When Speaker of the House Nancy Pelosi announced her support for an impeachment inquiry, it raised one immediate question: How would she screw it up? I originally feared she would turn tail and abandon the effort, but it seems she's settled on a different strategy — stuffing it through as fast as possible. "House Democratic leaders are eyeing a fast-paced investigation into the possible impeachment of President Trump," report Mike DeBonis and Rachel Bade at The Washington Post. The idea is to have it all polished off by the holidays.

This is a lousy idea. An impeachment inquiry should be extensive and unhurried, for moral, legal, and political reasons. Let me take them in turn.

First, as Alex Pareene notes, it is still very unlikely that the Senate will vote to actually remove Trump, or even hold a trial at all as is constitutionally required. Therefore impeachment in concrete structural terms will almost surely be just a slap on the wrist. (Indeed, this is almost certainly what Pelosi and Democratic moderates are hoping for. They just want to get the vote over and done with so they can go back to cowering in the corner.)

However, impeachment also gives House Democrats a lot of tools to actually achieve some reckoning with Trump's awesome corruption and abuses of power. They have subpoena power, can hold uncooperative witnesses in contempt (back in the day Congress even improvised a makeshift prison), and will get tremendous media attention. The moderates are taking the Ukraine story seriously because it sort of has to do with national security, and nothing gets moderate blood pumping like Respecting the Troops, but other things Trump has done are just as terrible. Stuffing the White House budget into his own pockets is both an egregious violation of the emoluments clause and literal theft from the American people.

A broad inquiry also strengthens existing efforts to hold Trump to account, as the Post's Greg Sargent details. The House Judiciary Committee is currently working to force the administration to hand over additional documents related to the special counsel investigation and to compel former White House counsel Don McGahn to testify as part of what they are calling an impeachment proceeding, which could be undermined by a full-dress inquiry that does not include their subjects. "If the impeachment inquiry is now just focused solely on Ukraine, that could undercut the position Judiciary has taken in court on both the McGahn and the grand jury materials," former House counsel Michael Stern tells Sargent.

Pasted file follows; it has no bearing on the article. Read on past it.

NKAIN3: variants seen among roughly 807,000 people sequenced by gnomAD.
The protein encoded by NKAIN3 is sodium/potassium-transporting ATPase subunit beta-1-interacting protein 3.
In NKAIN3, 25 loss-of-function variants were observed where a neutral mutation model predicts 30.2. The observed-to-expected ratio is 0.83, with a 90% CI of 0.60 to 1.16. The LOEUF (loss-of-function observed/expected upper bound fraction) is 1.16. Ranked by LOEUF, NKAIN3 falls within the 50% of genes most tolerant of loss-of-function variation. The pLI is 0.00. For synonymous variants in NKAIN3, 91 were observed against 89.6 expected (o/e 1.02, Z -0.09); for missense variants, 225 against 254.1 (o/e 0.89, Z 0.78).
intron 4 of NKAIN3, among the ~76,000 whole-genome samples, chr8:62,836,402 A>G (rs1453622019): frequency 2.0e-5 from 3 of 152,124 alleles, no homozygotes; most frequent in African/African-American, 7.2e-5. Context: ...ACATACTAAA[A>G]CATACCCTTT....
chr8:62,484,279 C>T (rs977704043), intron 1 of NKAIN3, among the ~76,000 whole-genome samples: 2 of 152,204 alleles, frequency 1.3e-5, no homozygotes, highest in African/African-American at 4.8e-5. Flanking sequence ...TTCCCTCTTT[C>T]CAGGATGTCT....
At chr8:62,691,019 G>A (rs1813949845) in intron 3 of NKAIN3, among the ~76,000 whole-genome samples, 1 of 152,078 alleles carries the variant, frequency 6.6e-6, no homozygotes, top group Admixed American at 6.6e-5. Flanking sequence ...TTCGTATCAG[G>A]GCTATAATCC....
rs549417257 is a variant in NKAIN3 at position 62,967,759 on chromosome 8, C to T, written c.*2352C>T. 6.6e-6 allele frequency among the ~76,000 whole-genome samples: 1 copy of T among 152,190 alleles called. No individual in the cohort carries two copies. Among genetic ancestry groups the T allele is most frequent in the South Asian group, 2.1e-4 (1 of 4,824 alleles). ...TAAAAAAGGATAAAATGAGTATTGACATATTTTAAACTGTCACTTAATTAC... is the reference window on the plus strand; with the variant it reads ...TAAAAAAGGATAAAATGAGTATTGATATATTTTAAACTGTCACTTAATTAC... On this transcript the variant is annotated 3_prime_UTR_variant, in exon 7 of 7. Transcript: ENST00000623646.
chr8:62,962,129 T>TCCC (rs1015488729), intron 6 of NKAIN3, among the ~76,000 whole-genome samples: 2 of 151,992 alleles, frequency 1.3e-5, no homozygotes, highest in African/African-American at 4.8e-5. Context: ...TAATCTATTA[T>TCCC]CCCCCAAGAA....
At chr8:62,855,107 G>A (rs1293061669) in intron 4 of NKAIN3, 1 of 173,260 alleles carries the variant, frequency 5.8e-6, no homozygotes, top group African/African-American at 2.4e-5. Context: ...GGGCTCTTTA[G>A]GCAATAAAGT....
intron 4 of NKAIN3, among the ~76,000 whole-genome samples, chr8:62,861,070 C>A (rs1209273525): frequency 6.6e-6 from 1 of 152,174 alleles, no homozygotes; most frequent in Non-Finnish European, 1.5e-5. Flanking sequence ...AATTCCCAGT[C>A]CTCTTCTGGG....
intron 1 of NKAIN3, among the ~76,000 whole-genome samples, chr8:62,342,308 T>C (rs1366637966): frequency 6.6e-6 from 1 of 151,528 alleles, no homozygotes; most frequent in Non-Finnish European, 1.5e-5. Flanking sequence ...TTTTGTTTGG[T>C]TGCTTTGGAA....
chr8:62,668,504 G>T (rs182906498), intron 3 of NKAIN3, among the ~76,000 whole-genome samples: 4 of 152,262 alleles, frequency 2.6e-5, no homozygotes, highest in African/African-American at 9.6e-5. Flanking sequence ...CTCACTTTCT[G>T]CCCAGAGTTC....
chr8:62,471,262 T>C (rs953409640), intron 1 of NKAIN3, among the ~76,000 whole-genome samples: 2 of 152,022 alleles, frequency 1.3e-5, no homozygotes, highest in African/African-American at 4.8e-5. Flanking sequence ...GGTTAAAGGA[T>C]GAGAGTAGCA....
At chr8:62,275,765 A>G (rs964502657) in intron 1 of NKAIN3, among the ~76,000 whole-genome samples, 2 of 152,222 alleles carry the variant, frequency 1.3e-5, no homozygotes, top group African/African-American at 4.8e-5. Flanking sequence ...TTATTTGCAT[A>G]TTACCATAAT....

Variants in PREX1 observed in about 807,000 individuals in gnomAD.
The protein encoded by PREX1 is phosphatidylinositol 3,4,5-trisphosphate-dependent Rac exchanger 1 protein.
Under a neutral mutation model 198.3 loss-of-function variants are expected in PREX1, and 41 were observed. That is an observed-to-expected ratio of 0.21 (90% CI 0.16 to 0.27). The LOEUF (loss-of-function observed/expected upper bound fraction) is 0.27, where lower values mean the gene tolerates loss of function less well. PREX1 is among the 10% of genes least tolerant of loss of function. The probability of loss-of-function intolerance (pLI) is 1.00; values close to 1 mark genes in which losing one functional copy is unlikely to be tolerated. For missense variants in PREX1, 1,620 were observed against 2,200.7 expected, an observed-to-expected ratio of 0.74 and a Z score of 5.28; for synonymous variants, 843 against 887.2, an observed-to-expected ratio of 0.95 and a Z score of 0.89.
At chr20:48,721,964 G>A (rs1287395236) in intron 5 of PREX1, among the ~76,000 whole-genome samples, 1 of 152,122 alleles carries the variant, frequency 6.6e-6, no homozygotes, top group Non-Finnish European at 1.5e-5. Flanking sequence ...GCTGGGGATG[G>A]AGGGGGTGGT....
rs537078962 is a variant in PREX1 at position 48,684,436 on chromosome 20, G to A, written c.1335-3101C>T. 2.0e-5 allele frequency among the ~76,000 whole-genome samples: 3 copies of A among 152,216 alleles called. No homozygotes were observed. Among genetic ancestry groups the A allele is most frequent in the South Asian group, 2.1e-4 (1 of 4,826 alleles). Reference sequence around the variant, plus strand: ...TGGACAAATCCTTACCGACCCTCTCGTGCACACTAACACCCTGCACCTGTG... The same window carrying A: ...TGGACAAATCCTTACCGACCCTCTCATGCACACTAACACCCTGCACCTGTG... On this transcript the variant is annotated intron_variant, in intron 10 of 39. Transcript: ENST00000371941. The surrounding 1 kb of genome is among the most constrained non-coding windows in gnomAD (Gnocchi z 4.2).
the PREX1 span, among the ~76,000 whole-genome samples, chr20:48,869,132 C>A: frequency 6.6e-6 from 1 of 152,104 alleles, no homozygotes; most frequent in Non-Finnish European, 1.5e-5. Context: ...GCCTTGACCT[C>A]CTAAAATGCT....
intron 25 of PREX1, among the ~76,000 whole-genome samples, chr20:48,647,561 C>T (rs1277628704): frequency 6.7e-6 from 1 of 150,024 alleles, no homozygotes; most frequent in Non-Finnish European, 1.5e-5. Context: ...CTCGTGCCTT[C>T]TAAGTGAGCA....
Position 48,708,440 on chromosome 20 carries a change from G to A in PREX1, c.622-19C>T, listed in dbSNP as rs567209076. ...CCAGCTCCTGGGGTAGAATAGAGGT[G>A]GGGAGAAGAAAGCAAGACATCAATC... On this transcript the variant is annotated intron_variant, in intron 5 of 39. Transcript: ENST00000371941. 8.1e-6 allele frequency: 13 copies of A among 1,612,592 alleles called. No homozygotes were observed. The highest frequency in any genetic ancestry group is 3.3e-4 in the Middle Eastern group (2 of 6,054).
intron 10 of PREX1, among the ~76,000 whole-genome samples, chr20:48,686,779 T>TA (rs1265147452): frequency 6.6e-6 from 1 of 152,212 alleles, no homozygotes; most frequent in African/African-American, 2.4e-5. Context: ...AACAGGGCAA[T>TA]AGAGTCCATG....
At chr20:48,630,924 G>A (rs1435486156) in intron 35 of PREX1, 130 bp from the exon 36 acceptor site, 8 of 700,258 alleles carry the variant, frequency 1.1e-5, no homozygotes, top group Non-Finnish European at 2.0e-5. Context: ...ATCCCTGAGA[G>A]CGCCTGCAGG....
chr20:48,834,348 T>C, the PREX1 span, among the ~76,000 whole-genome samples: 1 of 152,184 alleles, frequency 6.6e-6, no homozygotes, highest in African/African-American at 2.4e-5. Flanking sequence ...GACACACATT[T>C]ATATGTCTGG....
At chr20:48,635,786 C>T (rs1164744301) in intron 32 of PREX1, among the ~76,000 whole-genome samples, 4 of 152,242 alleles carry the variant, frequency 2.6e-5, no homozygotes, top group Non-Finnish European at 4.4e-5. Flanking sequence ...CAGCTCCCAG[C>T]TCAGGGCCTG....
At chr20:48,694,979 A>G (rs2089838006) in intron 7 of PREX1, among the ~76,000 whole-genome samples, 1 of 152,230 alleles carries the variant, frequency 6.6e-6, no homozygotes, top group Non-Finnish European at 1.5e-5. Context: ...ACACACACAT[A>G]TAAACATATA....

A related point holds for the politics as well. To decide to impeach Trump on one narrow point is to implicitly excuse him on everything else — to say that all the other stuff is not worth impeaching him over. One could argue that it's simply a tactical decision, but it's a strained case that few are likely to buy (because it isn't true).

The politics of impeachment in general clearly favor a prolonged process. Since Pelosi came out for impeachment, Trump has been panicked and flailing, and Democrats have gotten documents out of the administration faster than ever before. Like so many bullies, Trump folds immediately if someone actually throws a punch. Imagine how much more loopy he will be after an impeachment committee has been breathing down his neck for months.

More importantly, a long inquiry can focus media and public attention on Trump's horrible crimes. It will be a little challenging to keep the heat on, because some of the stories are complicated and dull, but anyone with a sense of theatricality should be able to manage it. Simply take the Trump stories, group them together under 2-3 headings, start digging, slap on some zippy slogans, and hammer the basic storyline over and over and over.

And besides, what else is the House going to do with the rest of its term? Pass bills that are 100-percent guaranteed to die in the Republican Senate? At least they can stay busy until 2020 with this.

At any rate, as Jeet Heer argues in The Nation, an impeachment process will not be wholly under the control of Pelosi and her moderates. For one thing, the very first item in any investigation into the Ukraine story will be to get the actual transcript of the call between Trump and President Volodymyr Zelensky, which according to the whistleblower complaint was shoved into an ultra-classified storage locker by White House staffers trying to cover up Trump's crime — and this might not have been the first time that has happened. Starting with Ukraine might thus lead directly to other scandals, known or unknown.

Whatever the case, both voters and elected officials who actually want to check Trump's power should seize any opportunity they can to keep an impeachment inquiry going. Wrapping up about, say, October 2020 ought to do nicely.

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